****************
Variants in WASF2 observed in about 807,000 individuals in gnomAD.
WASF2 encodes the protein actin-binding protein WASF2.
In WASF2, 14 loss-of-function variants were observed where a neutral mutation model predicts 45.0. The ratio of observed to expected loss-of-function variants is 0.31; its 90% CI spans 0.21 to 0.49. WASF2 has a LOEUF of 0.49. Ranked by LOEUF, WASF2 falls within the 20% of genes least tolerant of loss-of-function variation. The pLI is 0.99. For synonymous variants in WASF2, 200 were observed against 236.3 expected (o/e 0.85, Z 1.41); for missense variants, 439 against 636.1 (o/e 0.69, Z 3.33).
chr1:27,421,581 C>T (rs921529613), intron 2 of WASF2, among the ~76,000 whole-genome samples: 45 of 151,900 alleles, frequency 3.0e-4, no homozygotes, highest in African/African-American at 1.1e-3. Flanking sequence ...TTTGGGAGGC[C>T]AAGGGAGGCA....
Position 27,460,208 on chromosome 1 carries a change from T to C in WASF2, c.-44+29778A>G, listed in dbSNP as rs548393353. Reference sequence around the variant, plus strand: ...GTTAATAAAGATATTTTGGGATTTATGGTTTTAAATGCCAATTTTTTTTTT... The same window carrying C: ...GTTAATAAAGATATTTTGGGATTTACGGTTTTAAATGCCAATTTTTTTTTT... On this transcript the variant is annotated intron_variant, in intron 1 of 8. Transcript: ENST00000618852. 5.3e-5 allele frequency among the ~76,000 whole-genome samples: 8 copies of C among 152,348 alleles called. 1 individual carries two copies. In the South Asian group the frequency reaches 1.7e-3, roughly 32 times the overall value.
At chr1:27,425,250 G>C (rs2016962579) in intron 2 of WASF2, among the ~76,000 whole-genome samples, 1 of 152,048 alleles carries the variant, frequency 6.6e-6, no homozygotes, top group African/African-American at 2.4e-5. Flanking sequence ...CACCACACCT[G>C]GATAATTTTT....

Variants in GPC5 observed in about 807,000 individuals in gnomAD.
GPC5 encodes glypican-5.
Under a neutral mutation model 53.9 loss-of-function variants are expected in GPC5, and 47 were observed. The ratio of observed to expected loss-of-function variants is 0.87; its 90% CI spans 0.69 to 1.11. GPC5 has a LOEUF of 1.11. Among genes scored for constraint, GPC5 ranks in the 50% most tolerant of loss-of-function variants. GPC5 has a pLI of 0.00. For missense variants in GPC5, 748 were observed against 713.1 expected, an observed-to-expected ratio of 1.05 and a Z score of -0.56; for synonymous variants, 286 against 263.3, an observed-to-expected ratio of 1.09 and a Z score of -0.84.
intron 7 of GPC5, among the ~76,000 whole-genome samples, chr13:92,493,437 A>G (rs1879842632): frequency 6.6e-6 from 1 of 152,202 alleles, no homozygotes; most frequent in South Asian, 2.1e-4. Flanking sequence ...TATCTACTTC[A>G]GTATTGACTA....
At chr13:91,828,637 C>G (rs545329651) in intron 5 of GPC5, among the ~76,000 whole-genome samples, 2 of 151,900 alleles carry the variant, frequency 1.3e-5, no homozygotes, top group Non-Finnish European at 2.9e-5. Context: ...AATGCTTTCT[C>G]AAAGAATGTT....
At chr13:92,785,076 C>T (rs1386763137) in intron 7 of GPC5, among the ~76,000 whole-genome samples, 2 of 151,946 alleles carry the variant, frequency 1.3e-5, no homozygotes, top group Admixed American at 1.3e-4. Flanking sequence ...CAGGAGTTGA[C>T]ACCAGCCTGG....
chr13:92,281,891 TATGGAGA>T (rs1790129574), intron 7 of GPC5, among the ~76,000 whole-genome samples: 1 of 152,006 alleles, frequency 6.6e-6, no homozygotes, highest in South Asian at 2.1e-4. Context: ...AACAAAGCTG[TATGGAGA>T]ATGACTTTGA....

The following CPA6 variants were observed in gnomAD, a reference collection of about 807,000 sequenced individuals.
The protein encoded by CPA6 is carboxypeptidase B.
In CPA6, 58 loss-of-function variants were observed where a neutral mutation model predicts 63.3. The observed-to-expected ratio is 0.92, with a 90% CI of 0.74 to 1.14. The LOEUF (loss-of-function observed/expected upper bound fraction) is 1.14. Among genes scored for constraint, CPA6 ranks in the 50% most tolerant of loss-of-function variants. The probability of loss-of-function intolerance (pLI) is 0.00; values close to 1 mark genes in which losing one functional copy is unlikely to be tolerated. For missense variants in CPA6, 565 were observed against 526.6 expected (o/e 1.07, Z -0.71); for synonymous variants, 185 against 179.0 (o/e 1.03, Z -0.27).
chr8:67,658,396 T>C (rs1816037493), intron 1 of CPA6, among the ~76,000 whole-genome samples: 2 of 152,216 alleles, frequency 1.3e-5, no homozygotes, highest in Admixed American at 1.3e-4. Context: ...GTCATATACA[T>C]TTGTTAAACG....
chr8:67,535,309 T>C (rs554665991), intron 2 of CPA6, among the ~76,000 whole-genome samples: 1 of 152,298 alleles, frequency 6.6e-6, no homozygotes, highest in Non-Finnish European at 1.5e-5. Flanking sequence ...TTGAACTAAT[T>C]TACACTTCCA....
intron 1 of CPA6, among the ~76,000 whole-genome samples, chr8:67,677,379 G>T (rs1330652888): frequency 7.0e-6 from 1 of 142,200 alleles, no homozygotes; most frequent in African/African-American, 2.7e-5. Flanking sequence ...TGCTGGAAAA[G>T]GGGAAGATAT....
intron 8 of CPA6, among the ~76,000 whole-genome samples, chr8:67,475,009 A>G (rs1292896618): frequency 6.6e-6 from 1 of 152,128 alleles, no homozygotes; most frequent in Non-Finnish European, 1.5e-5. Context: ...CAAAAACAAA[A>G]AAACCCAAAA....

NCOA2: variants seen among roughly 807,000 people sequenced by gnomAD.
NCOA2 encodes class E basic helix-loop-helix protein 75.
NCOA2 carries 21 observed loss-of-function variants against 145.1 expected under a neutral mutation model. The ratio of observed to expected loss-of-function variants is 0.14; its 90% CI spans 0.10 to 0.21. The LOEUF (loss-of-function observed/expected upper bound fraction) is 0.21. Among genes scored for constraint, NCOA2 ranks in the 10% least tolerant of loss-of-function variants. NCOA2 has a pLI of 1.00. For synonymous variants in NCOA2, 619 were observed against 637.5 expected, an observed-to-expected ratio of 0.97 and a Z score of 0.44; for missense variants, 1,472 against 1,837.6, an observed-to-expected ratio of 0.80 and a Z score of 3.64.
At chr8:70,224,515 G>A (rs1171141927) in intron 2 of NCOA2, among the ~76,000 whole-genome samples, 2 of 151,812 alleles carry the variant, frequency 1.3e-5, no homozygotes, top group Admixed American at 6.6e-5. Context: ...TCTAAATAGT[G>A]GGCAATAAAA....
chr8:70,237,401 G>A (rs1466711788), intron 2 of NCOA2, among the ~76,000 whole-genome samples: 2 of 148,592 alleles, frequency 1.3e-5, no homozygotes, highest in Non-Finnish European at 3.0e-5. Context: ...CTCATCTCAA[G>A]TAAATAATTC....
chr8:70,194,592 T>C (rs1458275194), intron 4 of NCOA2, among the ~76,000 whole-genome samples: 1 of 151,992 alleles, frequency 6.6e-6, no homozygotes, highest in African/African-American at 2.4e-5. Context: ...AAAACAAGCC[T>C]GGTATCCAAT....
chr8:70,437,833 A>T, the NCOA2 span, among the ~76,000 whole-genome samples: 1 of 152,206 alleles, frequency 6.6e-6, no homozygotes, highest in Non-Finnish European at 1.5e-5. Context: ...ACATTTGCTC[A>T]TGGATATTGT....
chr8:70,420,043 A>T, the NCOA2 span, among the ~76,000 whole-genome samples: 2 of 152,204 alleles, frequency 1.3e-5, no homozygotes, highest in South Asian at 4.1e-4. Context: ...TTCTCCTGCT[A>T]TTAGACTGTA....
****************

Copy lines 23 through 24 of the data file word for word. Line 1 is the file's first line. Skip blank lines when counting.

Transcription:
NCOA2 carries 21 observed loss-of-function variants against 145.1 expected under a neutral mutation model. The ratio of observed to expected loss-of-function variants is 0.14; its 90% CI spans 0.10 to 0.21. The LOEUF (loss-of-function observed/expected upper bound fraction) is 0.21. Among genes scored for constraint, NCOA2 ranks in the 10% least tolerant of loss-of-function variants. NCOA2 has a pLI of 1.00. For synonymous variants in NCOA2, 619 were observed against 637.5 expected, an observed-to-expected ratio of 0.97 and a Z score of 0.44; for missense variants, 1,472 against 1,837.6, an observed-to-expected ratio of 0.80 and a Z score of 3.64.
At chr8:70,224,515 G>A (rs1171141927) in intron 2 of NCOA2, among the ~76,000 whole-genome samples, 2 of 151,812 alleles carry the variant, frequency 1.3e-5, no homozygotes, top group Admixed American at 6.6e-5. Context: ...TCTAAATAGT[G>A]GGCAATAAAA....